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Revista do Instituto de Medicina Tropical de São Paulo

On-line version ISSN 1678-9946

Rev. Inst. Med. trop. S. Paulo vol.56 no.2 São Paulo Mar./Apr. 2014

http://dx.doi.org/10.1590/S0036-46652014000200006 

Paracoccidioidomycosis

DECREASING PREVALENCE OF THE ACUTE/SUBACUTE CLINICAL FORM OF PARACOCCIDIOIDOMYCOSIS IN MATO GROSSO DO SUL STATE, BRAZIL

Redução na prevalência da forma aguda/subaguda da paracoccidioidomicose em Mato Grosso do Sul, Brasil

Larissa Rodrigues Fabris(1) 

Úrsulla Vilella Andrade(1) 

Aline Ferreira Dos Santos(1) 

Ana Paula da Costa Marques(2) 

Sandra Maria do Valle Leone de Oliveira(1) 

Rinaldo Pôncio Mendes(3) 

Anamaria Mello Miranda Paniago(1) 

(1)Faculdade de Medicina, Universidade Federal de Mato Grosso do Sul (UFMS), Campo Grande, MS, Brazil. E-mails: larissafabris@ibest.com.br, ursulla1@gmail.com, alineafds@yahoo.com.br, sandrinhaleone@gmail.com, anapaniago@yahoo.com.br

(2)Centro de Ciências Biológicas e da Saúde, Universidade Federal de Mato Grosso do Sul, Campo Grande (UFMS), MS, Brazil. E-mail: apcmarques@hotmail.com

(3)Faculdade de Medicina, Universidade Estadual Paulista (UNESP), Botucatu, SP, Brazil. E-mail: tietemendes@terra.com.br

ABSTRACT

With the objective to evaluate the behavior of paracoccidioidomycosis in the last three decades, clinical and epidemiological data of 595 patients admitted to clinical services of the Federal University of Mato Grosso do Sul from 1980 to 2009 were investigated. Gender, age distribution, clinical form, comorbidity with tuberculosis or AIDS, and mortality were compared by decades of clinical admission. It was shown that during the three decades there was a decrease in women percentage, and the same manner occurred a reduction in participants in the age group of 20 to 39 years. Moreover, the acute/subacute forms have been diminished in the period. These fluctuations are closely related and can be simultaneously analyzed. Increased AIDS co-infection prevalence from the first to the second decade was also revealed, coinciding with the appearance of the retroviral epidemic and stabilizing during the third decade. No change in the tuberculosis co-infection rate was observed (overall = 6.9%). It reinforces the importance of this co-morbidity. The overall mortality rate remained steady at 6.7%, not varying significantly from one decade to another. The persistent mortality rate calls attention to the importance of this neglected disease.

Key words: Paracoccidioidomycosis; Geographic area; Age group

RESUMO

Com o objetivo de avaliar o comportamento da paracoccidioidomicose nas últimas três décadas, dados clínicos e epidemiológicos de 595 pacientes atendidos dentre 1980 a 2009 no Hospital da Universidade Federal de Mato Grosso do Sul foram estudados. Sexo, faixa etária, forma clínica, associação com tuberculose ou AIDS e mortalidade foram comparados por década em que a doença foi diagnosticada. Observou-se, nas três décadas do estudo, uma redução do percentual de mulheres, de pacientes do grupo de 20 a 39 anos, assim como de casos com a forma aguda/subaguda. Estas alterações estão intimamente relacionadas e podem ser analisadas simultaneamente. Houve aumento de casos de coinfecção com AIDS da primeira para segunda década, coincidindo com o surgimento da epidemia, e manteve-se estável durante a década seguinte. Não houve alteração da taxa de coinfecção com tuberculose, que no geral foi de 6,9% o que reforça a importância desta comorbidade. A taxa geral de mortalidade foi de 6,7% e também não variou entre as décadas estudadas. A manutenção da taxa de óbitos chama a atenção para a relevância dessa doença negligenciada.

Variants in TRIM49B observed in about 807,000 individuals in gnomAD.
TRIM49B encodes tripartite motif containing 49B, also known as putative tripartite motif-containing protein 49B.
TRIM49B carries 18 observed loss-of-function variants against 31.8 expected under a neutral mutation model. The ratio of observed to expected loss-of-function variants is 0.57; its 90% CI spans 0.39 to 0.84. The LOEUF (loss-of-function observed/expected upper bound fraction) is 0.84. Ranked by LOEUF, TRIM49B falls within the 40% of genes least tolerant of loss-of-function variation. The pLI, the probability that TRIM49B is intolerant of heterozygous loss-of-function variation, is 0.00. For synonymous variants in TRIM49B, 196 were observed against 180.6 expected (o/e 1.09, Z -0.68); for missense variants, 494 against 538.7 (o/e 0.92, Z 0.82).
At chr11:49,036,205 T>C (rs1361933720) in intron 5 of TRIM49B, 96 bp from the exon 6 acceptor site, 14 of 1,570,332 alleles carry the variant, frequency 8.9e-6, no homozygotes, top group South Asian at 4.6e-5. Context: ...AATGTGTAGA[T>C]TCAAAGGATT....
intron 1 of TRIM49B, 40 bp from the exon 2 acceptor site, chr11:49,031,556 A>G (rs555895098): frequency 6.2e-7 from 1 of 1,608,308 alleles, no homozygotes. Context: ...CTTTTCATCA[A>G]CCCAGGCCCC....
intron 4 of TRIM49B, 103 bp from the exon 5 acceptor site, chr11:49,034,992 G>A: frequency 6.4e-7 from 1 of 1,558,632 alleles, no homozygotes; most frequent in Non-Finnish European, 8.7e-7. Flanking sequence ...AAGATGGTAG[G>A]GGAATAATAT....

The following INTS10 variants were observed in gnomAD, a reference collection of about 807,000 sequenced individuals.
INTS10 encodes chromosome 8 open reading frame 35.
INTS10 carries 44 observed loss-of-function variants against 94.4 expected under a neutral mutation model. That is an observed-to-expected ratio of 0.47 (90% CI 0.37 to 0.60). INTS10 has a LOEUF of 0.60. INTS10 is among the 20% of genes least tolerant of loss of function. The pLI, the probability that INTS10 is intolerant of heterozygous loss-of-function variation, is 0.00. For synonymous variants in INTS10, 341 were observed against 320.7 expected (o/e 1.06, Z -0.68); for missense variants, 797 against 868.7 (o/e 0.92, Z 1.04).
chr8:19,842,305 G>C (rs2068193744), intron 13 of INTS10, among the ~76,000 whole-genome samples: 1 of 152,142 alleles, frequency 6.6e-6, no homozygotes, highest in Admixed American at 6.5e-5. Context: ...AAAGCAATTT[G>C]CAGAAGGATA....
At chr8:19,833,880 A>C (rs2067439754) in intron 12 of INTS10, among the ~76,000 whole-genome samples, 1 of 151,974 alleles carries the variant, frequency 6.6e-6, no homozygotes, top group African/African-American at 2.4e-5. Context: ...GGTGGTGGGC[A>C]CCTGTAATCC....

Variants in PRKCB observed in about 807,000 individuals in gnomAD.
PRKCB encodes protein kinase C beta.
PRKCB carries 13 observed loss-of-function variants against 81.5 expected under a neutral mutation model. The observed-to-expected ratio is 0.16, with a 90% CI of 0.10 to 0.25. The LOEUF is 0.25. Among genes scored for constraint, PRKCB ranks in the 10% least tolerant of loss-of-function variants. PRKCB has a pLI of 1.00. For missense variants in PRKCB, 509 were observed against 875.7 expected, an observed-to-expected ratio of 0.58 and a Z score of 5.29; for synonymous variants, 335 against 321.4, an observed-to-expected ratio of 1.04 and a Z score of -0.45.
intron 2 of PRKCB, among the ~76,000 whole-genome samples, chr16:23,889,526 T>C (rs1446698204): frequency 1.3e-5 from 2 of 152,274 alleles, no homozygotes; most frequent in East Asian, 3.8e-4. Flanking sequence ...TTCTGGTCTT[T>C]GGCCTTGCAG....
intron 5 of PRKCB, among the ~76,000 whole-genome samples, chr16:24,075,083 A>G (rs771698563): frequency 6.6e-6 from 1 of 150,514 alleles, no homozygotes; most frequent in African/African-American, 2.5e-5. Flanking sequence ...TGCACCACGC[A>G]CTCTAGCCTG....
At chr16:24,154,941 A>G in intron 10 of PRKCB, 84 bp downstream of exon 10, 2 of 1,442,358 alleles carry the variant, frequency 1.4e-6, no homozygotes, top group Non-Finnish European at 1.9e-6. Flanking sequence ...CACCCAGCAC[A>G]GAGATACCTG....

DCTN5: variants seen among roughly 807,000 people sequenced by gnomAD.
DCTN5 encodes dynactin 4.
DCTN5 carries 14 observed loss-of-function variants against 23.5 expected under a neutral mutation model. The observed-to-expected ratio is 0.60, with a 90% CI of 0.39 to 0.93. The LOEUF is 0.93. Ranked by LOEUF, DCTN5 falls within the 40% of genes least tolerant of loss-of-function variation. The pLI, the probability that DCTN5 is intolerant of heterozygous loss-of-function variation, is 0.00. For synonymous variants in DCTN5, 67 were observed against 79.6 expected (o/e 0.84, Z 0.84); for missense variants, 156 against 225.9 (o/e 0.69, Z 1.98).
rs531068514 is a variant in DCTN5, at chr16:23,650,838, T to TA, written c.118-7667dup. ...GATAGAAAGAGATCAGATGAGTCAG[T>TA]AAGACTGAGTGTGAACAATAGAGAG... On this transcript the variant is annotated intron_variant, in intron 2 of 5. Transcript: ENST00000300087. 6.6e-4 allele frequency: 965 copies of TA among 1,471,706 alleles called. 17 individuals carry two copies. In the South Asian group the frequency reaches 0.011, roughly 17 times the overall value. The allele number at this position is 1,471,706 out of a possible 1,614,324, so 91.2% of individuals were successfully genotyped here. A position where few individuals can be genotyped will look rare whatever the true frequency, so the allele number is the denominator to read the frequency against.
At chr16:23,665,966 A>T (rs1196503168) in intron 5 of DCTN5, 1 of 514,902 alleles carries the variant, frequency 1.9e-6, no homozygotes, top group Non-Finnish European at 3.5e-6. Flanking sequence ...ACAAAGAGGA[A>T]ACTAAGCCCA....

INTRODUCTION

Paracoccidioidomycosis (PCM) is a systemic mycosis caused by the thermal dimorphic fungus Paracoccidioides brasiliensis and is endemic in Latin America. Brazil presents the highest number of PCM cases of the Latin countries, with PCM predominantly occurring in the southern, southeastern and midwestern regions of Brazil6,12,24.

Infection occurs through the inhalation of conidia and mycelia fragments from the soil and is predominant in rural workers. Once inhaled, the conidia advance to the pulmonary alveoli, where they settle, advance into the yeast phase and constitute the primary complex. Thereafter, lymphohematogenous dissemination can spread the fungi to any site in the organism. Individuals with appropriate cell mediated immunity show regression of these foci; however, viable fungi can remain in a latent stage, which can reactivate causing a disease with the chronic form. Individuals with compromised cellular immunity can develop the disease immediately after the infection, usually presented as the acute/subacute form14.